Within the past 10 years, there has been an increased interest in providing teachers with mindfulness training. This is due largely in part to the amount of stress that K-12 teachers report as a result of the profession and the research proposing that practicing mindfulness helps one cope with stress and offers the potential to promote one's well-being.
This qualitative study explores the intersection of mindfulness and K-12 teaching. Four K-12 teachers who self-identified as mindfulness practitioners were interviewed, and their lived experiences as mindfulness practitioners and teachers are explored throughout this study. Through in-depth, phenomenologically-based interviews, the participants' life histories in relation to becoming mindfulness practitioners and teachers are uncovered, as well as their experiences as mindfulness practitioners in the classroom, and their reflections upon what is means to be a mindfulness practitioner and a teacher.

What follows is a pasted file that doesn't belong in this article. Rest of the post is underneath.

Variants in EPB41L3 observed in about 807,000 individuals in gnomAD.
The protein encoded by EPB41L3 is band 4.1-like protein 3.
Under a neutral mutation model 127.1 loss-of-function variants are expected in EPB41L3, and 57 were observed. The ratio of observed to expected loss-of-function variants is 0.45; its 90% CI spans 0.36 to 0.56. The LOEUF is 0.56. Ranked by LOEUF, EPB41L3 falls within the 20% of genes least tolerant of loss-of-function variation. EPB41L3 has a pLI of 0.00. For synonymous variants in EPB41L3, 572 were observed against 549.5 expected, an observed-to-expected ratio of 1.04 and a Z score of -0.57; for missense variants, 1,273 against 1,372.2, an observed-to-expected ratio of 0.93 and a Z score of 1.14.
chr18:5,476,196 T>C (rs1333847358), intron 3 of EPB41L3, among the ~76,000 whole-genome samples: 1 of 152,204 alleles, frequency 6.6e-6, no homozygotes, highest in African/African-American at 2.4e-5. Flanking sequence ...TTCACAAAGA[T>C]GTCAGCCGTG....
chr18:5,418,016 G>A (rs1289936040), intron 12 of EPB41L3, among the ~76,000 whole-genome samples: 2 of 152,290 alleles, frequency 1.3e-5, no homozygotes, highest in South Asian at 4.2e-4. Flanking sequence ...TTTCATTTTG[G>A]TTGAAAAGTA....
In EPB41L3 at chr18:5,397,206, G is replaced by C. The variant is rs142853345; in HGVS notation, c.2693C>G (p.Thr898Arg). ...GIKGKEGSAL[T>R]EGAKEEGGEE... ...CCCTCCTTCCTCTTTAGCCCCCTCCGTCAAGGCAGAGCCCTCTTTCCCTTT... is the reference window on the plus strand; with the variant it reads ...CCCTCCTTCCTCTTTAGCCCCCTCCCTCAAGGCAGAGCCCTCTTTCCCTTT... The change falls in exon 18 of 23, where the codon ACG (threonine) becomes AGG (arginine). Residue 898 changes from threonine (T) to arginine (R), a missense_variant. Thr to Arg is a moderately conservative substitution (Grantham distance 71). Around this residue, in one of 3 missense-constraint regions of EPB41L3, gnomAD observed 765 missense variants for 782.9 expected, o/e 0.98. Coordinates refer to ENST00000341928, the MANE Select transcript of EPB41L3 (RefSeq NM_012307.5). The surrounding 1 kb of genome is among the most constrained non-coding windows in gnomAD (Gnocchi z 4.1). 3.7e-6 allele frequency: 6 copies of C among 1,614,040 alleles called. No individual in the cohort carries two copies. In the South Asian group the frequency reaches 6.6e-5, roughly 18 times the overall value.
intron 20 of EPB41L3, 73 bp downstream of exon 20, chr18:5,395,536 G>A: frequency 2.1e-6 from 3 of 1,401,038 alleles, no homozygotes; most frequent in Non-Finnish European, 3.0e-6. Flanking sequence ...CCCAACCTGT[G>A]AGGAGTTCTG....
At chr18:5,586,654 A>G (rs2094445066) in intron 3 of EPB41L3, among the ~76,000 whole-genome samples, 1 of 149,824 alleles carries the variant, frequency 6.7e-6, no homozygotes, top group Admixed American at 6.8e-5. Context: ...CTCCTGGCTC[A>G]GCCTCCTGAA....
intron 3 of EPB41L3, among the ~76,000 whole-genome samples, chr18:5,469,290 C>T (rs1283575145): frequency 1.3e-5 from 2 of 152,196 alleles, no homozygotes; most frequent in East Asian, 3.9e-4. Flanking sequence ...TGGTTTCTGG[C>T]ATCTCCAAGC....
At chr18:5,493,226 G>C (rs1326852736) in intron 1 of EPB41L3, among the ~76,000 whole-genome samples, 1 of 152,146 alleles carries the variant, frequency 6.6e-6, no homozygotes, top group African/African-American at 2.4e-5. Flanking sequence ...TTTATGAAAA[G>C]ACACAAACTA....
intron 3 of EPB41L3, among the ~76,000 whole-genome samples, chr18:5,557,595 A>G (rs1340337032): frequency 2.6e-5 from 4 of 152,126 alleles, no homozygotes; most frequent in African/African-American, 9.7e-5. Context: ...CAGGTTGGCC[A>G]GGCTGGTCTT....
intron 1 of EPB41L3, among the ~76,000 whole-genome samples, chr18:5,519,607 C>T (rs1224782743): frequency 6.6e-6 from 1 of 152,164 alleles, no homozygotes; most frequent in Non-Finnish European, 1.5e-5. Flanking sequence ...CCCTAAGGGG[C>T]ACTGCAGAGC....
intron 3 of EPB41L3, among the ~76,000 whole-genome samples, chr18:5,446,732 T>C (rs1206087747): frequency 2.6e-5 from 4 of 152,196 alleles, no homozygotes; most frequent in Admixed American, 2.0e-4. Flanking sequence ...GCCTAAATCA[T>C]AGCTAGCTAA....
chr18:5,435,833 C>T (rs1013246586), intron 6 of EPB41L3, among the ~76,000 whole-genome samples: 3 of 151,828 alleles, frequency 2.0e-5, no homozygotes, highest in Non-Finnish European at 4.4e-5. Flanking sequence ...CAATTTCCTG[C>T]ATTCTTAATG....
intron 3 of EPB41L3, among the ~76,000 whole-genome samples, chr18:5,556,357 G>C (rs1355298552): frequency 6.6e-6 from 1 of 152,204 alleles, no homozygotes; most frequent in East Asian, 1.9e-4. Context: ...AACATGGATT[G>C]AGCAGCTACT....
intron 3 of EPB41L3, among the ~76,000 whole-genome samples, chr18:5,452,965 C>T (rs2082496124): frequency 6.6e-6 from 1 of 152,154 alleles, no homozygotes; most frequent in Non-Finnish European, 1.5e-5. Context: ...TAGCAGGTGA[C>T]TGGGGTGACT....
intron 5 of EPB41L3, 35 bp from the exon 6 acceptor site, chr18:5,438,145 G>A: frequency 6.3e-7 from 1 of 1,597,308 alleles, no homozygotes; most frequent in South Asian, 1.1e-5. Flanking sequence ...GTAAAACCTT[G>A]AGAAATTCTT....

For the participants in this study, they believed their mindfulness practices helped them cope with the demands of teaching. The participants also viewed mindfulness practices as a pedagogical tool for promoting their students' social and emotional well-being. As one of the first studies to explore teachers who have personal mindfulness practices and how those practices transfer or do not transfer into their professional experiences, it adds teachers' voices to the mindfulness in education phenomena.